The Repertory Film Tradition Continues at the Brattle Theatre
Boston is home to many historic landmarks and buildings, but for film buffs and film students, the best-known may be the Brattle Theatre in Harvard Square, Cambridge. The Brattle has been running as a repertory theater (specializing in older “classic films”) since 1953, and has been credited with keeping movies like Casablanca in the public consciousness through the ’50s and ’60s. In addition to classic films, the Brattle shows foreign and independent film, and just celebrated 15 years running as a non-profit.
The Brattle Theatre is housed inside Brattle Hall, which was built by the Cambridge Social Union and opened in 1890. For the next 60 years it functioned as a traditional performance theater, but in 1953 it became an arthouse theater first showing foreign films, then expanded to include revivals of classic American films.
The Brattle has gone through many changes since then. The front half of the building is now used for other purposes, resulting in a shortening of the theater, and a rebuilt balcony. The theater has just one screen, and is one of the few remaining theaters that uses rear-projection to show its films.
The Brattle passed through several owners before becoming a non-profit 15 years ago. The building itself is leased, and the last operators did not want to renew the lease. Ned Hinkle and Ivy Moylan, who are now the Creative Director and Executive Director respectively, both worked for the previous management and felt strongly that the Brattle should continue.
“In addition to being an amazing theater,” says Moylan, “the programming model as well as the physical space were important to preserve, but we also knew that it was not sustainable.” Repertory cinema is expensive and the single screen model is not typical, but Moylan and Hinkle felt that the theater might survive with the help of the community: “The community hadn’t been asked to participate in sustaining the organization and we both felt like that was the key to ensuring that it lasted.”
The non-profit foundation took over in March of 2001, just six months before September 11 — a devastating period for many cultural organizations, not least a new non-profit. Another early unexpected challenge was competition from on-demand services. But during that period, the Brattle began to make use of new social media tools, created a website and expanded email marketing. This also resulted in a change to their programming model.
“When we first took over, we did vertical programming, so every Monday was one kind of series, every Tuesday was a different kind of series,” says Moylan. “In 2003-2004 we changed to a horizontal, more traditional repertory programming model, partly because email became our main source of marketing and it’s overwhelming to be talking about five to seven different kinds of programs in one week. Now, Friday through Thursday we’ll do a series on a weekly basis.” This change made email communications simpler but also had a budgetary impact because it cut costs on shipping the films: “We’ve tried to be as adaptive and responsive as we can be, while also staying true to the history and the heart of the Brattle as a repertory cinema, one that’s helping people discover or rediscover films and filmmakers.”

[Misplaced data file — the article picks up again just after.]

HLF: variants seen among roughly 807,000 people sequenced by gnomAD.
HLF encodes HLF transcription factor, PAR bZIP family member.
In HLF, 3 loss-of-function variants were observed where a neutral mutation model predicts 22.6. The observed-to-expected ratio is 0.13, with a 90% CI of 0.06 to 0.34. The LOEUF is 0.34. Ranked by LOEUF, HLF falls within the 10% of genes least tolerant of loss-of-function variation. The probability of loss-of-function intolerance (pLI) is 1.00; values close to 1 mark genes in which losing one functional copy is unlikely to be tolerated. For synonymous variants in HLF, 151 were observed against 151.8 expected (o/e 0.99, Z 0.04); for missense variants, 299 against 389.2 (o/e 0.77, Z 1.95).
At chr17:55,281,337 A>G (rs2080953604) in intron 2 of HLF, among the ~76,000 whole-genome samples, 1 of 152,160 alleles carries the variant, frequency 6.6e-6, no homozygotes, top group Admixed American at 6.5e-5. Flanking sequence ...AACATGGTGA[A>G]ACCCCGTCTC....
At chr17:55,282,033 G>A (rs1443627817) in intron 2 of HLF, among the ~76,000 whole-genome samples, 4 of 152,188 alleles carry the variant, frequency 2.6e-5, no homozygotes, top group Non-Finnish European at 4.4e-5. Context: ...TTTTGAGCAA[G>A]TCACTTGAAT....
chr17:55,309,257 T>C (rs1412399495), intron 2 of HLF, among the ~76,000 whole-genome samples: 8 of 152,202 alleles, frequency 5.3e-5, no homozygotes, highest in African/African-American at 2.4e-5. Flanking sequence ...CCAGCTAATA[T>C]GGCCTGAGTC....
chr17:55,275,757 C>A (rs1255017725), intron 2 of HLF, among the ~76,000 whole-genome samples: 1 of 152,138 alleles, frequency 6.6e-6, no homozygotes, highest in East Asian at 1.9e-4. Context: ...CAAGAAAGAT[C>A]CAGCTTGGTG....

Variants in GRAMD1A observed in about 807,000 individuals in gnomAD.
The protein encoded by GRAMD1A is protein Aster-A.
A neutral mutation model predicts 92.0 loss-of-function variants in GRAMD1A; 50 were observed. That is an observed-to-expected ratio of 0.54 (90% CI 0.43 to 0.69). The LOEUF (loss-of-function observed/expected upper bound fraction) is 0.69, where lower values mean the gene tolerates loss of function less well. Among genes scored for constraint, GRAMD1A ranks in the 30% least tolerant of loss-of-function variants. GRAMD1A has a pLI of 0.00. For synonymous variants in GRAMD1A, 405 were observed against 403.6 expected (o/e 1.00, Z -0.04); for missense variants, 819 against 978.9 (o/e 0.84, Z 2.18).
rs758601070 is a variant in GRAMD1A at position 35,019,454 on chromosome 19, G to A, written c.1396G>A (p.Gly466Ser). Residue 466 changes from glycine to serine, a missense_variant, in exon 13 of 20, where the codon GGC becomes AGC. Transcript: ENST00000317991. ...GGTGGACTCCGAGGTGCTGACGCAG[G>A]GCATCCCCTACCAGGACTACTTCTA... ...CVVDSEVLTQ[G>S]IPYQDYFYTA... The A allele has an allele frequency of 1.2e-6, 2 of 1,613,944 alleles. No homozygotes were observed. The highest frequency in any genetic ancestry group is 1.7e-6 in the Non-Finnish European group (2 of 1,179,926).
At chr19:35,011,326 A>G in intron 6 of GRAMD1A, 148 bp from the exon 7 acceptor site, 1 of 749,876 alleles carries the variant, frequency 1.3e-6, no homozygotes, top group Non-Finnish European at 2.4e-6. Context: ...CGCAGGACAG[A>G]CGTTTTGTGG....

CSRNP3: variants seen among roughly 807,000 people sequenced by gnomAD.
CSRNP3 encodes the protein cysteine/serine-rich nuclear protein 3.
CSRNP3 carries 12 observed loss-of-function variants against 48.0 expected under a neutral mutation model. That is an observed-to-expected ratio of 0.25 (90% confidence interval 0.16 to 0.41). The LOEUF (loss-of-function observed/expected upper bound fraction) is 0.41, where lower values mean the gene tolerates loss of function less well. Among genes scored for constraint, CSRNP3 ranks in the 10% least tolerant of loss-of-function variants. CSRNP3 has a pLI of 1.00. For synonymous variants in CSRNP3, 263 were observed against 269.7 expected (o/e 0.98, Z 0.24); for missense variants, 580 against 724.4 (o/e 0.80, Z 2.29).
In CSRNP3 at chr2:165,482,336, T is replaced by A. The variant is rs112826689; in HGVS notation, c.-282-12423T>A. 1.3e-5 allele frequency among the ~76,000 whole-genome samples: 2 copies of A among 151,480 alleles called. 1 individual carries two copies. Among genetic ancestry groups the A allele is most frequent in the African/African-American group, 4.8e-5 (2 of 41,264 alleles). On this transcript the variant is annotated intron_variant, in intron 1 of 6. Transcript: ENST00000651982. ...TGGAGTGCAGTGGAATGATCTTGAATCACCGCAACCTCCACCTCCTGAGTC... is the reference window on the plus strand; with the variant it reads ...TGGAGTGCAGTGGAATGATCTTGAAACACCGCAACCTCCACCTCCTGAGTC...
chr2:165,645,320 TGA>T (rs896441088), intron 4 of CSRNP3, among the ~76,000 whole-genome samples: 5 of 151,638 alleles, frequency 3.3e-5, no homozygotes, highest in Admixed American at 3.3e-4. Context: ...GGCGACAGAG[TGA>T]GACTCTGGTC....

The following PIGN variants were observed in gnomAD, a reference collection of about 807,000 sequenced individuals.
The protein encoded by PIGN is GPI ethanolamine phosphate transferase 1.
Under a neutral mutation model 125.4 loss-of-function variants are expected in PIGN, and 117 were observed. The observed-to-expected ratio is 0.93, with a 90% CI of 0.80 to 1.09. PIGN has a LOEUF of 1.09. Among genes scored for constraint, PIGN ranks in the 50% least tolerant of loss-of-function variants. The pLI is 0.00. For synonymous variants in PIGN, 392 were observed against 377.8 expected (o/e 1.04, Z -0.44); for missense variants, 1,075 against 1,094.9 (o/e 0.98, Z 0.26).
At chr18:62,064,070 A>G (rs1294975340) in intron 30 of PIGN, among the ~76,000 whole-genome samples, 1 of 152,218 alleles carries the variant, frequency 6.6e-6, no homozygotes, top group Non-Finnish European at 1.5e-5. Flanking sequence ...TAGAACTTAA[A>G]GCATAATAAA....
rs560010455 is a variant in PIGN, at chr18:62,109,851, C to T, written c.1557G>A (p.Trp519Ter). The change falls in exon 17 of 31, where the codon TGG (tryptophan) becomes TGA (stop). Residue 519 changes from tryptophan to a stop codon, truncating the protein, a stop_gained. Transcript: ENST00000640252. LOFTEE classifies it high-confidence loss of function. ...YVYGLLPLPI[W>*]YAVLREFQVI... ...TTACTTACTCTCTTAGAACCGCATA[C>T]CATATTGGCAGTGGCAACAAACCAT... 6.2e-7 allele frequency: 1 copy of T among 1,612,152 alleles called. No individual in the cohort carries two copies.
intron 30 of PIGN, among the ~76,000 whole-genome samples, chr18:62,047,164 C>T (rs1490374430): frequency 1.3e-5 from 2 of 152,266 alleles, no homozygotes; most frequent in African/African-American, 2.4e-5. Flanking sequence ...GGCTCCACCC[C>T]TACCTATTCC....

The latest change the Brattle has weathered is the switch to digital projection. “We knew it was coming and we’d been watching things change [but] film was still available and we really didn’t want to make the huge investment,” Moylan says. “We really didn’t think it was going to affect us for a long time because there’s not a lot of resources going into classic and independent film, but when the recession hit in the late 2000s it really escalated the progress because all of a sudden the studios realized they could save a lot of money — or pass on their expenses to the exhibitors.” The Brattle was able to make the transition in 2013 thanks to another new web development, crowdfunding. With a campaign on Kickstarter they raised money for a digital projection system as well as an upgrade to the theater’s HVAC system.
Interestingly, it currently costs the Brattle less to rent movies on film than to get them on DCP, but the cost of shipping for the DCP vs. several rolls of 35mm films is much less, so the price difference is mostly a wash. Still, the Brattle prefers to play film if they can get their hands on it, and – depending on the films being shown – 40-50% of their films are still “films”: “We believe that there’s something special about actually seeing a film on film.”
Moylan says that the focus for the foundation over the next few years is on expanding their community programs, particularly in educational programs. “It’s not just a movie theater, it’s a place of discovery and learning. We’re focusing on outreach and development in building the next generation of filmgoers, because we really believe that there’s something special about seeing movies in cinemas vs. watching them at home.”
As a small theater, the Brattle also likes to work directly with filmmakers. At least 25% of their premiere films are either through micro-distributors or directly with filmmakers. “We really believe in helping to discover new filmmakers and new trends, and that’s something that we have the ability to do because our programming isn’t necessarily about how big an audience is going to be, but how important the film is going to be.”